Intended for healthcare professionals

Practice Practice Pointer

Autonomic dysreflexia in spinal cord injury

BMJ 2020; 371 doi: https://doi.org/10.1136/bmj.m3596 (Published 02 October 2020) Cite this as: BMJ 2020;371:m3596

This article has a correction. Please see:

  1. Helen Cowan1,
  2. Celine Lakra, registrar in rehabilitation medicine2,
  3. Manish Desai, consultant in rehabilitation medicine2
  1. 1No affiliation
  2. 2London Spinal Cord Injury Centre, Royal National Orthopaedic Hospital NHS Trust, Stanmore, UK
  1. Correspondence to C Lakra celine.lakra{at}nhs.net

What you need to know

  • Patients with a spinal cord injury above T6 are at risk of developing autonomic dysreflexia, an uncoordinated autonomic response to a noxious stimulus that occurs below the level of the spinal cord lesion.

  • Serious complications can occur if autonomic dysreflexia is not recognised and treated early, including cerebrovascular haemorrhage, seizures, and cardiac arrest

  • Bladder or bowel distension are the most common triggers

  • Sitting the patient upright and eliminating triggers is the first line management

  • Patients and their carers will likely have experience of the condition and should help to guide management, in the acute and long term setting

Autonomic dysreflexia is a potentially life threatening complication of spinal cord injury. It carries a mortality rate of 22%1 and increases the risk of stroke by 300% to 400%.2 Clinicians working in emergency or urgent care may not see patients with this condition often, but when they do, prompt recognition and treatment are required. This practice pointer gives a brief overview of autonomic dysreflexia and how to identify it.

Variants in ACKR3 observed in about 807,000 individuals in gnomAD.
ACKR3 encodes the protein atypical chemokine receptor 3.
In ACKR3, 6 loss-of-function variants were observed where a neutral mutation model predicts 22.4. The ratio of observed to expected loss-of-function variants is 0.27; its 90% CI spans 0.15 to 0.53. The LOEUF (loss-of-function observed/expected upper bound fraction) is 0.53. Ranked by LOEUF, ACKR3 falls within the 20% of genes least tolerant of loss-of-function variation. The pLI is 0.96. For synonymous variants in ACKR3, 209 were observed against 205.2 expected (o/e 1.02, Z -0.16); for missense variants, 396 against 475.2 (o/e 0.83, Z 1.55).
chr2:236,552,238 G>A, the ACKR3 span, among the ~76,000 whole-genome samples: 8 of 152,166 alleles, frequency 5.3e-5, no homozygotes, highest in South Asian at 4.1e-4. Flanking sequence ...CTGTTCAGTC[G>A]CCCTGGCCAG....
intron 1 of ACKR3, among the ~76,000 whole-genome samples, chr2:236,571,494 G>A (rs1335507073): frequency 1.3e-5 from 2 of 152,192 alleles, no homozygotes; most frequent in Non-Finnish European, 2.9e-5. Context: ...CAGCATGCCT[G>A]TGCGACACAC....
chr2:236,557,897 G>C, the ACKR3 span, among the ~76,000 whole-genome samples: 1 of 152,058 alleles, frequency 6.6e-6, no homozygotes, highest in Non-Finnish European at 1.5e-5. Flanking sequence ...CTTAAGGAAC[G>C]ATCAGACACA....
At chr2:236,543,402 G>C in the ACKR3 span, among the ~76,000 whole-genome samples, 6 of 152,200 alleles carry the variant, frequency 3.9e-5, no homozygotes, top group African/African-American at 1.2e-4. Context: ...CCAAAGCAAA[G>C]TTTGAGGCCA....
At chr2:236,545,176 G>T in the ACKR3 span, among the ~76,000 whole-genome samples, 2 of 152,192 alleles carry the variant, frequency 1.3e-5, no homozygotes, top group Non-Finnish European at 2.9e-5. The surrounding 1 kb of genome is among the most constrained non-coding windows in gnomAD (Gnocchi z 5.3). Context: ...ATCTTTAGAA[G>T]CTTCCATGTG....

What is autonomic dysreflexia?

Autonomic dysreflexia is the product of dysregulation of the autonomic system, leading to an uncoordinated response to a noxious stimulus below the level of a spinal cord injury,2 usually in individuals with a spinal cord injury above the level of T6 (fig 1). It is three times more prevalent in those with complete spinal cord injury than in those with incomplete injury (91% versus 27%, respectively).3 Autonomic dysreflexia is clinically defined as an acute episode of systolic blood pressure elevated 25 mm Hg or above the patient’s normal measurements. …

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